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June 06, 2008
100 British Documentaries by Patrick Russell British Film Institute 2007: Review
Cover of 100 British Documentaries. The cover image comes from Kötting's Gallivant 1996. It features his Grandmother and daughter who has Joubert syndrome. She speaks in yelps and some sign language. She isn't expected to live into adulthood. The film took 3 months to make as they travelled around the country it combines bringing out the everyday with much formal experimentation and is a film that Russell clearly thinks highly of.
I recently purchased a nice little book from the BFI Screen Guides series called 100 British Documentaries by Patrick Russell who is Senior Curator for non-fiction film with the National Film Archive. The book doesn't set out to be about the very best of British documentaries, although very many of the ones covered are, rather it sets out to cover the scope of the documentary field since British documentaries started being made. The earliest one covered is from 1896 on the Yarmouth Fishing Fleet and covers 2 very recent documentaries Touching the Void 2003 and Supersocieties (Life in the Undergrowth) 2005. Many well known documentaries such as Night Mail (1936)are covered as well as many lesser known ones. In this sense it is a careful examination of the genre not a "Best of guide". One good thing about the book is its compact size and the way it has a range of fairly short entries which makes it an excellent book for reading in the bath or on train journeys which can easily be interrupted. One can pick out themes such as Second World War documentaries or documentaries of postwar politics: a Hugh Hudson party political documentary on Neil Kinnock (1987) is covered and a rather longer film Tracking Down Maggie (1994) on Prime Minister Mrs Thatcher is also included for example.
Russell makes it clear at the outset that he has chosen his selection:
...because each illustrates something specific about the many forms British documentary has taken, and the numerous use to which it has been put, as it has developed historically
From Paul Rotha's Land of Promise (1946)
This seems to be an excellent academic criteria upon which to base a choice and gives the book an underlying committment to developing knowledge about the twists and turns of documentarism over the decades. Russell is clear that these films may not necessarily the best, neither are they necessarily his personal favourites. Russell makes it clear that there are many good documentaries missing. However the tome isn't meant to be a complete history of the Britiish documentary. Hopefully this is a step towards that. However at over 270 pages there is plenty to get stuck into and in terms of signalling imprtant aspects of documentary development this is a 'must buy' book for British cinephile and film students alike. It was recently reviewed in the June issue of Sight & Sound. Mark Cooke the reviewer who also read it on a train ride suggests the book is flawed in that it doesn't represent architecture or issues about sexuality in the changing 20th century. I agree these are both important issues but in fairness the book squeezes an awful lot in and hopefully will contribute towards a greater academic interest in British documentarism, beyond the 'greats' of the 1930s.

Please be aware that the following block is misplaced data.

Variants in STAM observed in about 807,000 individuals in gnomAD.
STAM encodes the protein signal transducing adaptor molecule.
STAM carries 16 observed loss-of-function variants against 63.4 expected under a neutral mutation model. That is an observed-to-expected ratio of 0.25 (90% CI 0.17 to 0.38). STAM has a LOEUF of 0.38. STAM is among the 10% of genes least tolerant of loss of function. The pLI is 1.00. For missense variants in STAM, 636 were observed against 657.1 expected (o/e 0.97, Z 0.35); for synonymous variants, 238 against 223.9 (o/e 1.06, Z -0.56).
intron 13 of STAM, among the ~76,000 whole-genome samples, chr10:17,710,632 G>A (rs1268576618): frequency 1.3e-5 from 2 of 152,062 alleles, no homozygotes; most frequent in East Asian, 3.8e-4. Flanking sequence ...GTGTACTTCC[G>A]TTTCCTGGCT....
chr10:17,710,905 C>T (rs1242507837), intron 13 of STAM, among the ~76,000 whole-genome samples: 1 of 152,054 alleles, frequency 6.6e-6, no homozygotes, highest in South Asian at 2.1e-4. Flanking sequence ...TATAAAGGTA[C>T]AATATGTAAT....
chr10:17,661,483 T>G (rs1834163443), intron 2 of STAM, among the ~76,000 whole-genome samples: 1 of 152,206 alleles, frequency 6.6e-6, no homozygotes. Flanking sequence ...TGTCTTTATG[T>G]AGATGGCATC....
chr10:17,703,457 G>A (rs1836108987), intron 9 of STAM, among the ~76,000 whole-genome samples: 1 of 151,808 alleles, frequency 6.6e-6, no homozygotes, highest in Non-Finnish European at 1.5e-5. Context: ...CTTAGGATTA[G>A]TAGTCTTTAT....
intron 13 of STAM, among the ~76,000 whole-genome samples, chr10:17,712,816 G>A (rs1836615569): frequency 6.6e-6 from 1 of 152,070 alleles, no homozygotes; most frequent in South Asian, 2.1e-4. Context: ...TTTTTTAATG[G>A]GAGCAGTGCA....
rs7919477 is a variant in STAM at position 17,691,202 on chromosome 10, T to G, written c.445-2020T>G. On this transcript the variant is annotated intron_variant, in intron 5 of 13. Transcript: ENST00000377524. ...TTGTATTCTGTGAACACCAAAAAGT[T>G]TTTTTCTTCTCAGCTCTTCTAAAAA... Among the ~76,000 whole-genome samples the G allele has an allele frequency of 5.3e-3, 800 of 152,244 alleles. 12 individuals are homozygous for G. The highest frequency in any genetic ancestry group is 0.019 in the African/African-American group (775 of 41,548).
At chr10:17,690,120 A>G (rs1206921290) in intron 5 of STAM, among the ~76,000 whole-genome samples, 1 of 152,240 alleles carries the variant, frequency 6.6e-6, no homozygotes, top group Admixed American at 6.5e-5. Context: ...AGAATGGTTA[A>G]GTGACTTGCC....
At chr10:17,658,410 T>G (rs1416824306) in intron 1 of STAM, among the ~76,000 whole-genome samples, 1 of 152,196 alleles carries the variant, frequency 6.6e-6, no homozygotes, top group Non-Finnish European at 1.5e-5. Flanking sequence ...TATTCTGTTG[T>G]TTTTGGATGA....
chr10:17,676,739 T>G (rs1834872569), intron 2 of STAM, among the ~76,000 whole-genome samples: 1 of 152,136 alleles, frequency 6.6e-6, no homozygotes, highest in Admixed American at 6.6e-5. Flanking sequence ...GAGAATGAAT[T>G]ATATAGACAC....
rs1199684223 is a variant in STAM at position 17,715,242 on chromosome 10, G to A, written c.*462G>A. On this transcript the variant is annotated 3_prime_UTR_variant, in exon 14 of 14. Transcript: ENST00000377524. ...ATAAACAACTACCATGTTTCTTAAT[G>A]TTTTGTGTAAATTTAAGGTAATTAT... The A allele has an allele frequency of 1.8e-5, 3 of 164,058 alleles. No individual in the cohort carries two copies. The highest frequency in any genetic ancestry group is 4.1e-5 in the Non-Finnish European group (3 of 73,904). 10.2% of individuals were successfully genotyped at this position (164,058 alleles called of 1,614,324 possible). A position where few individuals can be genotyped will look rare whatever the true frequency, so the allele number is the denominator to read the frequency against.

What Counts as Documentary?
Russell spends a little time commenting on the documentary form itself at the beginning of the book. Rather than just being as truthful a representation of "actuality" which is what many consider to be the ideal documentary form there can be a considerable amount of experiment:
Hybrids are the rule not the exception (p3)
notes Russell. Many of the films discussed in the book are experimental + documentary, documentary + entertainment, documentary + politics, promotional and educational tools. Russell points out that narrative structures can be very different as well. In brief the documentary is an ever changing field of expression and this book through its use of examples elaborates upon this very effectively.
Well Known and Well Loved Documentaries
Some of the best known documentary film-makers are included such as Paul Rotha with two of his films covered: The Face of Britain (1935) and Land of Promise (1945) which is the name of an excellent multi-DVD collection of British documentaries which has been recently released by the BFI and will be covered on another occassion. The titles of these films cover a period when Britain was struggling with the aftermath of the Depression and was still a country of deference, compared with 1945 when the country had undergone something of a sea-change with the Labour Party gaining a landslide victory in the aftermath of the defeat of Hitler in Europe but before the Atomic bombs had devastated Hiroshima and Nagasaki irrevocably changing the nature of the world to come. The social democratic moment and a land of social unity was in the air and the successful prosecution of the war had put the building of a welfare state and a planned economy with nationalisation of the worst run industries firmly on the agenda.
From Listen to Britain (1942)
Another very different stylist of the documentary Humphrey Jennings is also represented with perhaps his best and most poetic work Listen to Britain (1942) with editor Stewart MacAllister also on the credits being one of his wartime films. For my money it is is easily the most powerful propaganda film I have ever seen and knocks the infamous,lamentable and much over-rated Triumph of the Will by Riefenstahl into the proverbial cocked hat. It is a film which through its very essence could not be made by an authoritarian regime. If effective propaganda is about creating foundational national myths then this one is unlikely to be surpassed. Also by Jennings is his well known A Diary for Timothy (1946) following the birth of a baby boy made at a time - 1944/1945- when Britain was in a war weary mode and just looking forward to getting the job done and starting to rebuild Britain as a better place for all. Timothy was to become a teacher later in life signifying the hopes for the future that are inevitably bound up with education. The film was produced by Basil Wright and had a script from E. M. Forster with a voice over by Michael Redgrave.